Some Master Gardeners have found this plant to be short-lived; other Master Gardeners have Mimulus plants in their personal gardens that are over five years old and doing just fine. These plants are easy to propagate from cuttings and seeds.

Nepeta x faassenii

Pronunciation
NEP-eh-tah ex. fah-SEEN-ee-eye
Common Name
Catmint
Plant Type
Groundcover
Mature Size
1 ft. tall and 1 1/2 - 2 ft. wide
Water Requirements
Low: water every three weeks until the root ball is wet
Sun/Shade Requirements
Full to half sun
Wildlife
  • Bees
  • Butterflies
  • Hummingbirds
Flower Color
Lavender-blue
Maintenance- Design- Planting Tips

Catmint was one of the earliest plants in the demonstration garden and it provided much needed color the first summer. Catmint is a wonderful edging plant for perennials borders. We have used it extensively in the Palo Alto Demonstration garden to visually tie the beds together. It has lovely soft gray leaves and lavender-blue flowers in the spring.

After the first set of blooms finishes we like to cut back catmint several inches to keep it from getting leggy and to encourage another set of blooms. After seven years in the garden, it might be time for us to divide this plant. This is a fun job because catmint leaves have a wonderful smell.

Be aware that some cats also love the smell of the plant and will roll their bodies in the plant and flatten it.

Pelargonium ionidiflorum

Pronunciation
pe-lar-GO-nee-um eye-oh-nid-ih-FLOR-um
Common Name
Celery Scented Pelargonium
Plant Type
Groundcover
Mature Size
12 - 18 in. high and 15 -24 in. wide
Water Requirements
Low: water every three weeks until the root ball is wet
Sun/Shade Requirements
Half sun to shade
Wildlife
  • Bees
  • Butterflies
  • Hummingbirds
Flower Color
Magenta pink
Maintenance- Design- Planting Tips

Pelargonium ionidiflorum was recommended to us by Jeff Rosendale of Rosendale Nurseries. It has quickly become one of our favorite front of the border plants. It stays low and compact and seems to do well in partial shade. We love the bright pink flowers. Another plus, this plant blooms throughout the year.

So far the only maintenance we do is occasional deadheading. Unlike many other Pelargoniums, this plant seems to stay compact and not get leggy.

This plant is highly recommended for low water Bay Area gardens!

Penstemon 'Margarita BOP'

Pronunciation
PEN-steh-mon
Common Name
Foothill Penstemon
Plant Type
Perennial
Mature Size
1 ft. to 2 ft. wide, 2 ft. to 3 ft. tall
Water Requirements
Very Low: water deeply several times a summer
Sun/Shade Requirements
Full to half sun
Wildlife
  • Hummingbirds
Flower Color
Maintenance- Design- Planting Tips

This is a very reliable, long-blooming California native that thrives in the Palo Alto Demonstration Garden's native plant border. Penstemon 'Margarita BOP' is a UC Davis All-Star because it does well in average garden conditions. Unlike many other California native plants, Foothill penstemon can tolerate some summer water.

The bright blue flowers on these plants are stunning and last well into late summer, especially if deadheaded regularly.

Phormium tenax 'Amazing Red'

Pronunciation
FORM-ee-um TEN-ax
Common Name
New Zealand Flax 'Amazing Red'
Plant Type
Perennial
Mature Size
3 ft. wide and tall
Water Requirements
Low: water every three weeks until the root ball is wet
Sun/Shade Requirements
Full to half sun
Wildlife
  • Hummingbirds
Flower Color
Red (but grown more for foliage)
Maintenance- Design- Planting Tips

'Amazing Red' is reputed to be one of the smaller Phormium cultivars; our plant has grown to about 3 feet high and wide in six years. The sharp texture and brownish-red color of the leaves makes this plant an excellent focal point in the perennial bed.

We have never seen 'Amazing Red' bloom in our garden, but that's OK because Phormium flowers are not particularly attractive in our opinion. Prune out dead leaves, but don't try to reduce size Phormiums by cutting back their leaves. Unlike grasses, Phormium leaves won't grow back and you'll be stuck with stubby unattractive leaves.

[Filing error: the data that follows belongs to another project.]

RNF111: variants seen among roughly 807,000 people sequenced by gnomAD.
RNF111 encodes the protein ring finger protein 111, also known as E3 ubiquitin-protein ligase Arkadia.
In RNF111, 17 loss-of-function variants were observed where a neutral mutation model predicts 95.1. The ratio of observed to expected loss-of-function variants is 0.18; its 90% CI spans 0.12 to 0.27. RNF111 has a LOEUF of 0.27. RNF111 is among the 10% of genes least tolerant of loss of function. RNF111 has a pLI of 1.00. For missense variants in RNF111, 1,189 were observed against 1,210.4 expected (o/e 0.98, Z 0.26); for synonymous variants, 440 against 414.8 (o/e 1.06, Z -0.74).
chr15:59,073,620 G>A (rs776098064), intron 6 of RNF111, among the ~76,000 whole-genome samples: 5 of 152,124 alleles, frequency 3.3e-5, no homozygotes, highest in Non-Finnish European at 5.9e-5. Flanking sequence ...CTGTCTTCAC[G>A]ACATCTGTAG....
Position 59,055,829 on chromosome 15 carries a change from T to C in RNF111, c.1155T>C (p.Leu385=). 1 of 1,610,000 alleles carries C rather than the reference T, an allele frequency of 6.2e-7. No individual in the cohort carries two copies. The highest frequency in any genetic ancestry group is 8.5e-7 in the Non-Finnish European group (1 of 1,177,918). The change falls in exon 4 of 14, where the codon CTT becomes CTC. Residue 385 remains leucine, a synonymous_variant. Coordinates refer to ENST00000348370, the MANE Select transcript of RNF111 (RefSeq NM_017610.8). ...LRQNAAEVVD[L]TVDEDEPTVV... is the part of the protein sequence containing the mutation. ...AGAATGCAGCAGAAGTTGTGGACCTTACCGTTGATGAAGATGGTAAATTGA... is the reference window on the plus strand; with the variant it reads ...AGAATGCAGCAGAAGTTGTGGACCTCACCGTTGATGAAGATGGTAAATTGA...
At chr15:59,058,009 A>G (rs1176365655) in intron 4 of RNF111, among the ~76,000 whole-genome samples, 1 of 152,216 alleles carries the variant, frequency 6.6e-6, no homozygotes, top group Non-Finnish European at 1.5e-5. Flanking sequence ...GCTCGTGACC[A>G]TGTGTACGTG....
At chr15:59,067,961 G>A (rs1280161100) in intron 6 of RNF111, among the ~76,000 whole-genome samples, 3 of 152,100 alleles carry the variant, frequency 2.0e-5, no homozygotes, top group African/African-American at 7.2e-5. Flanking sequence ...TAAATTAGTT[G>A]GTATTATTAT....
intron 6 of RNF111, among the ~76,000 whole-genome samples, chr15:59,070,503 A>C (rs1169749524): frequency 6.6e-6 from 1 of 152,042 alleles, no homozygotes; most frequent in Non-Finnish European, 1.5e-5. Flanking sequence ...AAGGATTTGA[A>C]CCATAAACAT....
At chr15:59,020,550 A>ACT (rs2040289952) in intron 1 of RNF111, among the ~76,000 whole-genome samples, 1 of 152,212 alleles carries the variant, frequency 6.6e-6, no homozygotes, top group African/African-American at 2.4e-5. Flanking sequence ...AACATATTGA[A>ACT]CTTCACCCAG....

Some Phormiums revert to the brownish color of the species after several years. 'Amazing Red' has held its color in our garden for six years and for ten years in some of our Master Gardeners' personal gardens.

Ribes sanguineum

Pronunciation
RY-beez san-GWIN-ee-um
Common Name
Pink Flowering Currant
Plant Type
Shrub
Mature Size
5 ft. to 12 ft. tall and wide
Water Requirements
Low: water every three weeks until the root ball is wet
Sun/Shade Requirements
Half sun to shade
Wildlife
  • Hummingbirds
  • Other birds
Flower Color
Pink, red, yellow, white
Maintenance- Design- Planting Tips

Ribes sanguineum is a useful landscape plant because it is a rare shrub that shines in dry shade. Pink flowering currant is one of the first plants to awaken in the spring with a beautiful display of pendulous pink flowers and green maple-like lobed leaves. Ribes, a deciduous shrub, loses all its leaves in the late fall.

This large shrub can be used as a focal plant in the garden surrounded by smaller perennials or as an understory plant when combined with large, low-water using trees such as our California oaks.

There are many different cultivars of Ribes available with flowers ranging from red to pink to yellow to white. Some types of Ribes work well in full sun.

Pink flowering current can get by with very little water but looks fuller when a moderate amount of water is applied in the summer. When using a currant under a California oak avoid summer water.

Hummingbirds are attracted to the flowers, especially since they bloom when not much else is flowering. In the fall the shrub has blue-black berries that attract fruit-eating birds including mockingbirds and cedar waxwings. Ribes sanguineum is found along the Pacific coast from California to British Columbia, Canada.

Ribes speciosum

Pronunciation
RIE-bees spes-ee-OH-sum
Common Name
Fuchsia Flowering Gooseberry
Plant Type
Shrub
Mature Size
4-8 ft tall x 6-10 ft wide
Water Requirements
Very Low: water deeply several times a summer
Sun/Shade Requirements
Full to half sun, shade
Wildlife
  • Hummingbirds
Flower Color
Red
Maintenance- Design- Planting Tips

This California native is a large, spiny shrub that can exist with no summer irrigation. In our experience, Ribes speciosum will go fully dormant during the summer, therefore it's not recommended as a summer focal plant. As soon as the winter rains begin, the plant will unfold glossy green leaves and fuchsia-like red flowers that bloom all winter. The flowers that hang along the undersides of the long arching branches are loved by hummingbirds.